Henri Capitant Law Review (English)

The Legendary Destiny of the Theory of the Unicity of Patrimony

Editorial - Ph. Dupichot

This second issue of the Henri Capitant Law Review is dedicated to familiarizing our readers with the origins and history of the theory of “uniqueness of patrimony”. They will come away convinced of the continuing significance of this legendary theory in French law today.


The theory has its origins in the unparalleled and close doctrinal collaboration between Charles Aubry and Charles Rau: both born in 1803 within several kilometers of each other, the two worked together daily for some 40 years. Both taught at the Faculty of Law in Strasbourg and both were later appointed to the Court of Cassation. Reminiscent of a well-established brand name that sounds not unlike "Aubry & Rau, since 1857!", the name of these founding fathers was linked to a theory  of patrimony which spread widely throughout France and abroad. Willingly or not, every first year law student was inculcated with the three key propositions that henceforth formed the basis of the primacy of legal personality (the being) over its wealth (having): all patrimony by definition belongs to a person; every legal person has a patrimony; a person has only one patrimony that cannot be divided into distinct universalities of rights. Several of these propositions were to be enshrined as principles of private law and reiterated by the Court of Cassation without there being any corresponding statutory provision. The doctrine of Aubry and Rau for decades therefore formed the structure of a French-style garden landscape having straight and narrow pathways, and served as the expression of the civil law tradition and humanist thought reflecting the teachings of Jean Bodin: "the only wealth is man” (il n'est de richesses que d'hommes).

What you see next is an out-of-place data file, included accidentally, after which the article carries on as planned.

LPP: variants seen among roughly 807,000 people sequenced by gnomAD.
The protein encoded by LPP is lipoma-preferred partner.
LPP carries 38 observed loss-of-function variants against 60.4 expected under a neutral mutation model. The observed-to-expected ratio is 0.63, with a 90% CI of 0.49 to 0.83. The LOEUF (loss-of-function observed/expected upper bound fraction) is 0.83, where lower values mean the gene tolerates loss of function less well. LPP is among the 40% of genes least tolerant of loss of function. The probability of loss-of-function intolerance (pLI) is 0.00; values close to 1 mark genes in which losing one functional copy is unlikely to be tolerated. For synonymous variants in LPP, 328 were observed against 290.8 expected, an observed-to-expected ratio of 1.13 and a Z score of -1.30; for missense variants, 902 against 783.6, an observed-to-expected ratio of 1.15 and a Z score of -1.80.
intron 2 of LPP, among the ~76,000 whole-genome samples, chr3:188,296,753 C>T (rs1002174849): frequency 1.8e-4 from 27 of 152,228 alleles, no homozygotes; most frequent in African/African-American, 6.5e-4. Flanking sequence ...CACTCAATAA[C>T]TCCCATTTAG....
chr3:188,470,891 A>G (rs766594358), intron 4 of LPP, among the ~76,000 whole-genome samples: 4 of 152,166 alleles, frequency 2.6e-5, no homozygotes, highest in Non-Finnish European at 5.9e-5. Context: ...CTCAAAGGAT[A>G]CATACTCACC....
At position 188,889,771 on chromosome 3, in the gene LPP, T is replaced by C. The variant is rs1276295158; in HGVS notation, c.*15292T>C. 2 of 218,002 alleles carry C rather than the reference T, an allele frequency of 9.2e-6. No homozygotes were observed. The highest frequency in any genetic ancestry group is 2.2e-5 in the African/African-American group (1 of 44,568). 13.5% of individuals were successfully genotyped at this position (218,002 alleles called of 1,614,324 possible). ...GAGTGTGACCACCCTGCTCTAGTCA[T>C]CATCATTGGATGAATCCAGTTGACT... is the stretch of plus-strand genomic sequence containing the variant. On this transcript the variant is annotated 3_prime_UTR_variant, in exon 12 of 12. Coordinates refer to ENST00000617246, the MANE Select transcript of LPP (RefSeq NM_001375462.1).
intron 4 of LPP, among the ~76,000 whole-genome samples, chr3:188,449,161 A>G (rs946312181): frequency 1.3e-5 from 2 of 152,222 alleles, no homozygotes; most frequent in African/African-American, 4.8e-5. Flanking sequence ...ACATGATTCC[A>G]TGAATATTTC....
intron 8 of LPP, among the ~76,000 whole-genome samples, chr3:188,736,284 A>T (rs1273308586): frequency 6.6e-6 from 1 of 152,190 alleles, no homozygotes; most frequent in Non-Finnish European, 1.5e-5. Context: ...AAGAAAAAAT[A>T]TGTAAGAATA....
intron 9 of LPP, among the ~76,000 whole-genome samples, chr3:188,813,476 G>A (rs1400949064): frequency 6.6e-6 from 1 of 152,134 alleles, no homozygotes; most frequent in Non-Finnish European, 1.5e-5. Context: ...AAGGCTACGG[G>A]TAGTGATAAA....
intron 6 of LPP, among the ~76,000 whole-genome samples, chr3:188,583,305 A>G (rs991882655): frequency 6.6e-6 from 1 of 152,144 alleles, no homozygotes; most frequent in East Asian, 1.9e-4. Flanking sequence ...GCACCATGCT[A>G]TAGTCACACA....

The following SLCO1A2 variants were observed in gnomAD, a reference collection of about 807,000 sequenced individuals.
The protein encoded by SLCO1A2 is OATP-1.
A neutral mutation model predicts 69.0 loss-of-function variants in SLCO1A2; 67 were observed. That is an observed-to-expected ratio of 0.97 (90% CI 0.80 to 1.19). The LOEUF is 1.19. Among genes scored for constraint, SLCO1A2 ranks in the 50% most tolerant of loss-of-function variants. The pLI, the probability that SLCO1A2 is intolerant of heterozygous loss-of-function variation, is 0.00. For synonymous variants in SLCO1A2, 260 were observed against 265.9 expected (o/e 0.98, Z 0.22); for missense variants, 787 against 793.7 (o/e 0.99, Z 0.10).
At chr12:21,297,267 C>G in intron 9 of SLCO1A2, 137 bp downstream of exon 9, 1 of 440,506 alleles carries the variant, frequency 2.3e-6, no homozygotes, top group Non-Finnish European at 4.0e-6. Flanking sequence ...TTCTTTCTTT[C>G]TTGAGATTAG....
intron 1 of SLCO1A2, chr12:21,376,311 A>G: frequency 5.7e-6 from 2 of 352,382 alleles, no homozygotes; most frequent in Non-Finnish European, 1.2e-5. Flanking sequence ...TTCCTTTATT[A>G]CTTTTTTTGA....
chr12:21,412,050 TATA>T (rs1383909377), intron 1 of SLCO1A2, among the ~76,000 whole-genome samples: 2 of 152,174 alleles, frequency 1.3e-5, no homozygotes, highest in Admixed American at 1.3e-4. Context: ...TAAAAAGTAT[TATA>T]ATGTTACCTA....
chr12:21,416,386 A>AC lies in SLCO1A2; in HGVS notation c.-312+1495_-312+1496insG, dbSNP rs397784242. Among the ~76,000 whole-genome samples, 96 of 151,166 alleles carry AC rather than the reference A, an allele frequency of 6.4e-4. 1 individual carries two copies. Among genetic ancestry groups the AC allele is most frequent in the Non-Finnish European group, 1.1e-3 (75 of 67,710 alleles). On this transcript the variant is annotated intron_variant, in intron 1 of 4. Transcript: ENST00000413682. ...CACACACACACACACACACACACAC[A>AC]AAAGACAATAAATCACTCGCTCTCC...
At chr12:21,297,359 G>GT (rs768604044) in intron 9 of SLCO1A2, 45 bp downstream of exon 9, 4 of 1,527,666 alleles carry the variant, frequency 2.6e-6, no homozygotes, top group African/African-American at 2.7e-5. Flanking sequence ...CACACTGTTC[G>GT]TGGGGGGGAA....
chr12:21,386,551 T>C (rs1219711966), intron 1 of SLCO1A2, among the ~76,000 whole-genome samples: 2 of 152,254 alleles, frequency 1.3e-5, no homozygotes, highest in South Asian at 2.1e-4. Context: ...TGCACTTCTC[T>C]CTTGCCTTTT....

Probably a victim of its own success and exceptional longevity, the classical theory of patrimony, at times excessively caricatured, bore the brunt of strong criticism.


In this issue of the Review, we happily (re)discover some of the early shots fired across its bow which today take on a special meaning. Starting in 1899, François Gény wielded his pen to denounce a system that artificially vests a patrimony in someone who owns nothing for the simple reason that he has legal personality. In 1953, in the 6th edition of Aubry and Rau’s Course in French Civil Law, Paul Esmein loudly proclaimed his distancing from the classical theory: a case of parricide? Etienne Bartin had not dared to in the 5th edition in 1917. The juxtaposition of these two posthumous editions of Aubry and Rau’s treatise, both reproduced in this issue, is in that respect quite enlightening. As for Michel de Juglart, he advocated, in 1970, in the Lessons in civil law by the Mazeaud Brothers, that a business person be able to appropriate a corpus of assets to his business enterprise. The most acerbic criticisms of the theory of patrimony were thus driven from a purely economic angle of the hindrances to the freedom of enterprise. The dogma of uniqueness precluded the tradesperson from appropriating his business assets to his business liabilities and thus shielding his personal assets from seizure or attachment by his business creditors. Jean Carbonnier himself had pointedly remarked that the alleged humanism of the theory of Aubry and Rau was more akin to being "an alliance with the unsecured creditor and the Bank”.


If the dogma of uniqueness has long since folded under these assaults, it did not break down entirely until very recently.